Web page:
We are often asked how many directors a nonprofit needs. The answer really depends on a variety of factors including where the nonprofit was incorporated, whether the nonprofit is a 501(c)(3) or other 501(c) organization, what kind of 501(c)(3) the nonprofit will be, and the identities of the directors. This blog post will answer many of the frequently asked questions about the composition of nonprofit and 501(c)(3) boards of directors.
Wait! Are nonprofits and 501(c)(3)s different things?
Yes. In the United States, “nonprofit” simply refers to an organization that has a purpose other than pursuing private profit, while 501(c)(3)s are organizations that are exempt from taxation because they are organized for charitable, religious, educational, scientific, literary (plus a few other) purposes. All 501(c)(3)s are nonprofits, but not all nonprofits are 501(c)(3)s. A nonprofit is incorporated under State law, while recognition of 501(c)(3) tax-exempt status is done at the federal level by the Internal Revenue Service (IRS).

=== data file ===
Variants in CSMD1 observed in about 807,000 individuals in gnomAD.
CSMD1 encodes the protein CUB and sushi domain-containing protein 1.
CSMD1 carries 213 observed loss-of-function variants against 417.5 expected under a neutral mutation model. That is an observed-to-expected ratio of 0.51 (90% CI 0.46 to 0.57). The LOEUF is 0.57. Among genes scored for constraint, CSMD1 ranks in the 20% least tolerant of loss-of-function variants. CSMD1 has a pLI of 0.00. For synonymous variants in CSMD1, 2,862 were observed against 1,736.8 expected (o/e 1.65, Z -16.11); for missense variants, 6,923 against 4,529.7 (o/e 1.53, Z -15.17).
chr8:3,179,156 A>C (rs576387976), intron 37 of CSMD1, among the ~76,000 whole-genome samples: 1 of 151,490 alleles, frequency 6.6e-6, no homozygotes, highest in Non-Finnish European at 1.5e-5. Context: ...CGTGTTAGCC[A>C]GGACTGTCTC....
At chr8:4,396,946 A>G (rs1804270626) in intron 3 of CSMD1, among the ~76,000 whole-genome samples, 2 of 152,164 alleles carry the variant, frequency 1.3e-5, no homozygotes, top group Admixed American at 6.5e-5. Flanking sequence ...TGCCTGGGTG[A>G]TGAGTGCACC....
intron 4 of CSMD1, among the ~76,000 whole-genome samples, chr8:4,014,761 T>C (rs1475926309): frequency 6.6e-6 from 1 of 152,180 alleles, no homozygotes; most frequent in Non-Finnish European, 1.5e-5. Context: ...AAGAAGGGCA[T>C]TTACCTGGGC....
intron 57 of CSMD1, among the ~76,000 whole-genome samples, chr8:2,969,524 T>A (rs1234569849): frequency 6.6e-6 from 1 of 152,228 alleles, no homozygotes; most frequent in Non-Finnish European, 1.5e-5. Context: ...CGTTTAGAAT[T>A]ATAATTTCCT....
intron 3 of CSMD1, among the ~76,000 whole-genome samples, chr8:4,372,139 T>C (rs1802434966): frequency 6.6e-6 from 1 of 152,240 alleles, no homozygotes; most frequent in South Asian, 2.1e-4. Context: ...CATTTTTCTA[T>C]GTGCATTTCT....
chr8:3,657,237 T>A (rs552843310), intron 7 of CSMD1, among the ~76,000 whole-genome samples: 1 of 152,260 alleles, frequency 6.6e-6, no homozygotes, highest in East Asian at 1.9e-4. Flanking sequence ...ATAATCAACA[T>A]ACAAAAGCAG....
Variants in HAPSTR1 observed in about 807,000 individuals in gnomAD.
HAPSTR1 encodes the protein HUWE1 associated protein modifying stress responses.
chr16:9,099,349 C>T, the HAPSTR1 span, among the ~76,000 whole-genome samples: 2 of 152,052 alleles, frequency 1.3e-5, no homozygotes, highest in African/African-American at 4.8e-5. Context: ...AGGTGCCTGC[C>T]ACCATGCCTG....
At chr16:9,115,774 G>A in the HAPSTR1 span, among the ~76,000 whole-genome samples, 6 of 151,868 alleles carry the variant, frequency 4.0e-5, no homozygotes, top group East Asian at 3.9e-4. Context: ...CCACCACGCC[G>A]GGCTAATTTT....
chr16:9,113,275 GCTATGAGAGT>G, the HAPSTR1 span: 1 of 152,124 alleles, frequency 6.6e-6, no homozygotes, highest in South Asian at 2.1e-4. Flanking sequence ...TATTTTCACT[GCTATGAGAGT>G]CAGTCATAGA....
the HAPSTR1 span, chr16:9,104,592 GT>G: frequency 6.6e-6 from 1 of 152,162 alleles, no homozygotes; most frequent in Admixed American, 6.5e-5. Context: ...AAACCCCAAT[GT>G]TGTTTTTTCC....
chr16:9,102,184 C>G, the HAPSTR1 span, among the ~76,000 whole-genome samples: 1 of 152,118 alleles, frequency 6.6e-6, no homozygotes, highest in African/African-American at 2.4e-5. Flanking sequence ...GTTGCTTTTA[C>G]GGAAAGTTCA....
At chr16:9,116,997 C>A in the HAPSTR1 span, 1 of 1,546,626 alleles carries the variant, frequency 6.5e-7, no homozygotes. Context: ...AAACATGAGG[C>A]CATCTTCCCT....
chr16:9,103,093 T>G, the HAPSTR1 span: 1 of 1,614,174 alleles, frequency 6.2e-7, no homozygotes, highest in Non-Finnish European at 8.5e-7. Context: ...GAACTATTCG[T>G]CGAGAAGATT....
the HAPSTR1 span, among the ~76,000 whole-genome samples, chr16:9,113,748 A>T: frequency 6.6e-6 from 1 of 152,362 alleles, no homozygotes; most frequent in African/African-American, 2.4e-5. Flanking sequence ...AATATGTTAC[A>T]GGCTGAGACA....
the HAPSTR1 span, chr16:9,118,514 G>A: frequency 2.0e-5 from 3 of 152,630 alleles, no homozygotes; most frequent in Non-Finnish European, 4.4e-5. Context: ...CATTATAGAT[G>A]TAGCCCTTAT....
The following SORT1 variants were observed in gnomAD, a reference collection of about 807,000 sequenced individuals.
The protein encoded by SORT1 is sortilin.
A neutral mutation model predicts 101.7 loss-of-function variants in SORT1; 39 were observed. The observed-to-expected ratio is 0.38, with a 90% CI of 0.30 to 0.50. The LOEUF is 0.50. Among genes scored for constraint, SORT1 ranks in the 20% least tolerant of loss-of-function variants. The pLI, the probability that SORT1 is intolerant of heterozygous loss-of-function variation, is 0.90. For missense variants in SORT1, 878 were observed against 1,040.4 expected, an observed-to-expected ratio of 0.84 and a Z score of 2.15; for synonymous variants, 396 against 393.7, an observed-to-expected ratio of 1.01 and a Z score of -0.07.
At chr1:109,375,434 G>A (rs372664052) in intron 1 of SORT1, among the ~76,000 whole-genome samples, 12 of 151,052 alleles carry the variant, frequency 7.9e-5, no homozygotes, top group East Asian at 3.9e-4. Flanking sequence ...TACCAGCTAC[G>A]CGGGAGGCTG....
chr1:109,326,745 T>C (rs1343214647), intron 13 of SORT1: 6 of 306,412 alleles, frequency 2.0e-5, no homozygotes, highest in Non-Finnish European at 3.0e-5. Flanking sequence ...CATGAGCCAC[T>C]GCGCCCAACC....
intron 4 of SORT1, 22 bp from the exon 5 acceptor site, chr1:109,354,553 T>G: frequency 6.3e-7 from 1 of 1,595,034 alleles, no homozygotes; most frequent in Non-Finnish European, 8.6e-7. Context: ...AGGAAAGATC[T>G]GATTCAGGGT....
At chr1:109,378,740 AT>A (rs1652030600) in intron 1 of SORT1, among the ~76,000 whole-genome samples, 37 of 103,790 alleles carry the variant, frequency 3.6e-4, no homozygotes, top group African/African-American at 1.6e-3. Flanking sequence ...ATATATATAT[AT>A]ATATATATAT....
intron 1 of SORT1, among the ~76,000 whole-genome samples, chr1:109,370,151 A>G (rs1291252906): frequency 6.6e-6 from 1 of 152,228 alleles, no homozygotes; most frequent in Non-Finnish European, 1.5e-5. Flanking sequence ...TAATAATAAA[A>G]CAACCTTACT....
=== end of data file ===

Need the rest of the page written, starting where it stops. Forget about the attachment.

Frequently asked questions about the number and composition of a 501(c)(3) or nonprofit board of directors:
- How many directors must a nonprofit have?
- Must we have a minimum of three directors for our nonprofit in New York?
- Does a nonprofit board include the Chairman, President, Secretary, Executive Director or CEO?
- How many directors does a 501(c)(3) board need?
- Can my sister, father, niece or other family member be a director in our nonprofit?
- Can my business partner or employee be a director in our nonprofit?
- Can our nonprofit pay its directors?
- How can a founder of a nonprofit maintain control of its board of directors?
How many directors must a nonprofit have?